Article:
Is there a basis for universal morality among humans?

Mikhail moral mapImage

While some have their doubts, John Mikhail thinks the evidence points to yes. Today’s post is an interview with Mikhail in which he summarizes his case that, beneath all the surface differences we see on moral issues, a common moral sense is as much a part of the human makeup as is Chomsky’s universal grammar.

Enjoy!

http://philosophybites.com/2011/06/john-mikhail-on-universal-moral-grammar.html

 

Sunday’s Sermon: Stuurman

 

historyRemembering Stuurman

“Let us be grateful to people who make us happy: they are the charming gardeners who make our souls blossom.” – Marcel Proust

RUSSELL: Douwe Stuurman?

HARDIN: Well, he’s one of a kind. He was one of the spearheads of the movement to keep this [UCSB] a small liberal arts campus. He was, as you know, at Oxford–a Rhodes Scholar–and very much a lover of humanities in a traditional sense. I don’t know how one could summarize him. You know plenty about him anyway. He’s quite unusual.

It is appropriate at this time of year to think back on the year and all of the years that have slipped by so quickly, and it is appropriate to begin with a Proust quote, for the subject of this remembrance was a great Proust student: Douwe Stuurman. University of California Professor Stuurman. My MA advisor for my degree in English. A man who influenced generations of students in his long teaching career. A mentor, teacher, friend.

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The moral sense in young infants

Good morning, everyone. My apologies for not posting anything yesterday: I have a new Thursday class to prepare for each week and I spend the rest of the day in other activities. I’ve decided to switch to a Friday/Monday sequence for these posts.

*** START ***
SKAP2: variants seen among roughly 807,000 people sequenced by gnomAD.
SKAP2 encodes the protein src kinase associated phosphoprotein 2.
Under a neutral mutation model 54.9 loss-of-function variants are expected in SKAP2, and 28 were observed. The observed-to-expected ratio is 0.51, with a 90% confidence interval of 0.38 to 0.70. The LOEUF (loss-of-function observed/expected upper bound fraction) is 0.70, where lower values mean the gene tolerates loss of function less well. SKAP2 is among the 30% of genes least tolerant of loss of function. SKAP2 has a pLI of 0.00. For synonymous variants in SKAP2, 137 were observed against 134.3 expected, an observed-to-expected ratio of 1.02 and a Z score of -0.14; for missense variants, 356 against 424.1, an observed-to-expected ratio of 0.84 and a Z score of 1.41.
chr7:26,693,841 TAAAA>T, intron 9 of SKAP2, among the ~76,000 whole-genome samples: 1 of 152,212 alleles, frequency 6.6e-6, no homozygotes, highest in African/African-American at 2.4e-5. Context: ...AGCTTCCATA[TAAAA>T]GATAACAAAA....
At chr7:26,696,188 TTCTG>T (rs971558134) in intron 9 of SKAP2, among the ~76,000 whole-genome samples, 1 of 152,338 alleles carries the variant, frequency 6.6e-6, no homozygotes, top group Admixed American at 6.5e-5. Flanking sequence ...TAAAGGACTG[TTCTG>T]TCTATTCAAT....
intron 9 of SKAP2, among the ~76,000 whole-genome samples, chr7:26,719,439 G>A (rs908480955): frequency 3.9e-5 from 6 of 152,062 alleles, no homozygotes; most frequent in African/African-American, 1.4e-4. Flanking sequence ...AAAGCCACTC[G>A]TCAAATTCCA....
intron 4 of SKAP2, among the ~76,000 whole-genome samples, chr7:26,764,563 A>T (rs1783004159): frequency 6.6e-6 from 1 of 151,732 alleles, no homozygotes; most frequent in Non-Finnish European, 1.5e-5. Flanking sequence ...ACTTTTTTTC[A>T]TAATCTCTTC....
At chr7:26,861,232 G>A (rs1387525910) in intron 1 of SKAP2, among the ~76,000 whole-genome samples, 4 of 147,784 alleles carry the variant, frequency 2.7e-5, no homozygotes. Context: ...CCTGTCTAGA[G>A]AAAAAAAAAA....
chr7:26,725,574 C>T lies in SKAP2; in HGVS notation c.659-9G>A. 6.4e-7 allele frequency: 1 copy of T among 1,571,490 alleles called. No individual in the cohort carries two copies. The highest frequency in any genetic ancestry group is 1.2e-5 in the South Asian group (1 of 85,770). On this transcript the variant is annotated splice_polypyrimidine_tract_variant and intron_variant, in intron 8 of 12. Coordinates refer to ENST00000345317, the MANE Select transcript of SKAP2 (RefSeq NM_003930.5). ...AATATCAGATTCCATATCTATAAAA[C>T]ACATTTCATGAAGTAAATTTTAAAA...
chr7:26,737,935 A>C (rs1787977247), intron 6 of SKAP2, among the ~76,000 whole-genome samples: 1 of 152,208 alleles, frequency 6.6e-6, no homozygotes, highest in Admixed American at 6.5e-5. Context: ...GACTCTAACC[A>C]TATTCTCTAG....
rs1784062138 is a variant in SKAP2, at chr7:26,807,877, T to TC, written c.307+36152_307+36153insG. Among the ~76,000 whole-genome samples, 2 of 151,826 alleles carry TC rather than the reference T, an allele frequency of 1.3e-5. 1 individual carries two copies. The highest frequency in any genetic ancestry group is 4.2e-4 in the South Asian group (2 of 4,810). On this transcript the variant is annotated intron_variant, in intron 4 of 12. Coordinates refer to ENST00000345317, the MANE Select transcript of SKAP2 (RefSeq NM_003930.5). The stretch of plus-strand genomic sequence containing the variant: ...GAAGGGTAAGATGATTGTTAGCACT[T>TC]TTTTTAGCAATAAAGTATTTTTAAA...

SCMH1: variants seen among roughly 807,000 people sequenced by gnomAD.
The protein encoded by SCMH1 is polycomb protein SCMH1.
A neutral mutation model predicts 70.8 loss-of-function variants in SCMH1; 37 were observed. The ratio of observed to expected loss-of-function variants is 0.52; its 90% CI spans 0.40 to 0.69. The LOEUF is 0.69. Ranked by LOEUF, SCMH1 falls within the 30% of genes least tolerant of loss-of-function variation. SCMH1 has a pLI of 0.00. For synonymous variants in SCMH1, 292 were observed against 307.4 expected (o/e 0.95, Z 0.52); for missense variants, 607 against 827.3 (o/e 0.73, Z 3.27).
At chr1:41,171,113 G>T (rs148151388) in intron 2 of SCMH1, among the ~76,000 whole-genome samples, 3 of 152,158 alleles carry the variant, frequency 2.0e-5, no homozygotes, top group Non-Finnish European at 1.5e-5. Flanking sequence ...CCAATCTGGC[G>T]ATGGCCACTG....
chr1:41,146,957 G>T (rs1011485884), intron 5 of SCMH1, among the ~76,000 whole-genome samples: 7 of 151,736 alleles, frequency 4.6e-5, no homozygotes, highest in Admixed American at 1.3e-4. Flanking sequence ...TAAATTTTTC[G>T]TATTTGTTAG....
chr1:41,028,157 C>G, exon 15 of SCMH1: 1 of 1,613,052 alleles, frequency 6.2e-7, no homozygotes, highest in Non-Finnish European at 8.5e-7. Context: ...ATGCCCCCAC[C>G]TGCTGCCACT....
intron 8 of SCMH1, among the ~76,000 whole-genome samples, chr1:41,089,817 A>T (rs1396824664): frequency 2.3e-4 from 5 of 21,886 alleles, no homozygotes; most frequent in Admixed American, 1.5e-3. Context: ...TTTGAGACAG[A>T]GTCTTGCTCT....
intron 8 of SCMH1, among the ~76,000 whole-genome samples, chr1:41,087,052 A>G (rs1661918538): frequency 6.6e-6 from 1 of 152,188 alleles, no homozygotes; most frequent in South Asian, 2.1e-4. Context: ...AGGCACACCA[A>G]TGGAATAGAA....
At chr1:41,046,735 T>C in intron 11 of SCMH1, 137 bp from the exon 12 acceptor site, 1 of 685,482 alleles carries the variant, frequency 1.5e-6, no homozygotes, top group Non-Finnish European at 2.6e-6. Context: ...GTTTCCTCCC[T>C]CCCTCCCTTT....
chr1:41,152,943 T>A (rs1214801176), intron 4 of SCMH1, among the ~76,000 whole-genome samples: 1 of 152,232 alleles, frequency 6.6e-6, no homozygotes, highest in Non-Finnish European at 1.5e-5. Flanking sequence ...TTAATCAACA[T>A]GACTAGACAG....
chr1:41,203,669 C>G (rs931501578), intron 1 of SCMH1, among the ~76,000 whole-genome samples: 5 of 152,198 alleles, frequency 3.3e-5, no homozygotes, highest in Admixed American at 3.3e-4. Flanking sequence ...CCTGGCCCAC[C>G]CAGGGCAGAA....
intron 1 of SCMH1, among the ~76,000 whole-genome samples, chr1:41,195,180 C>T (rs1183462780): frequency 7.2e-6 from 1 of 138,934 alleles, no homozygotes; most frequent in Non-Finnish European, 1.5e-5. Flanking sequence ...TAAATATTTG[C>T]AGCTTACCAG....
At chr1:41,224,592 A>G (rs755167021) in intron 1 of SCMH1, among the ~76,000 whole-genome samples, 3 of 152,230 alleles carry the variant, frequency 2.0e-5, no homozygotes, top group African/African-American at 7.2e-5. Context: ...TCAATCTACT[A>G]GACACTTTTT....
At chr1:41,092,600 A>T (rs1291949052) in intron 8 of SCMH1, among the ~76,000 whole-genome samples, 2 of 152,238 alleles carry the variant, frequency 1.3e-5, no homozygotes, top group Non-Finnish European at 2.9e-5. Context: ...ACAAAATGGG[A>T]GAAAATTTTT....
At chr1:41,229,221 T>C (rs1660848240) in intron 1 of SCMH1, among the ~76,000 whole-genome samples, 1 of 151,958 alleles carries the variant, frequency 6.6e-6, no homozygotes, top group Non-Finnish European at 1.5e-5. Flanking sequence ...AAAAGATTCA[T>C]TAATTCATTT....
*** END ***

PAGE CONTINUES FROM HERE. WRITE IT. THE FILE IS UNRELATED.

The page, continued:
So far in the series, I’ve posted on the ways our moral views seem to be shaped by environmental factors. Haidt’s experiments show that we tend to retain our moral views despite losing our reasons for holding them, and suggest that we often tend to rationalize the moral views we have (and believe the rationalizations) rather than arrive at our moral views on the basis of reasons. So we are open to many morally irrelevant influences in our moral views. I’ve also shown evidence that seems to imply that our views on the moral acceptability of violent responses to insults can be conditioned by whether our culture is descended from herders or farmers; that our views on slavery can be conditioned by whether we’re living in a climate that’s good for agriculture; and that our views on cannibalism and slavery may have their roots in details about the caloric intake of various food sources. It’s been shown that many of these factors exert influence over us whether or not we are educated, intelligent, non-religious, and so on. I’ve also explored the possibility that those who disagree with us over fundamental moral issues really have the same moral views as we do, but are just understandably ignorant of some non-moral facts. I argued there that it’s unclear what non-moral facts others could be mistaken about in the cases of Hopi animal torture, Roman gladiatorial practices, and Chinese foot-binding (it can’t be the non-moral fact that not binding one’s daughters’ feet will worsen her marriage prospects, since that is a non-moral fact that people would be correct in believing).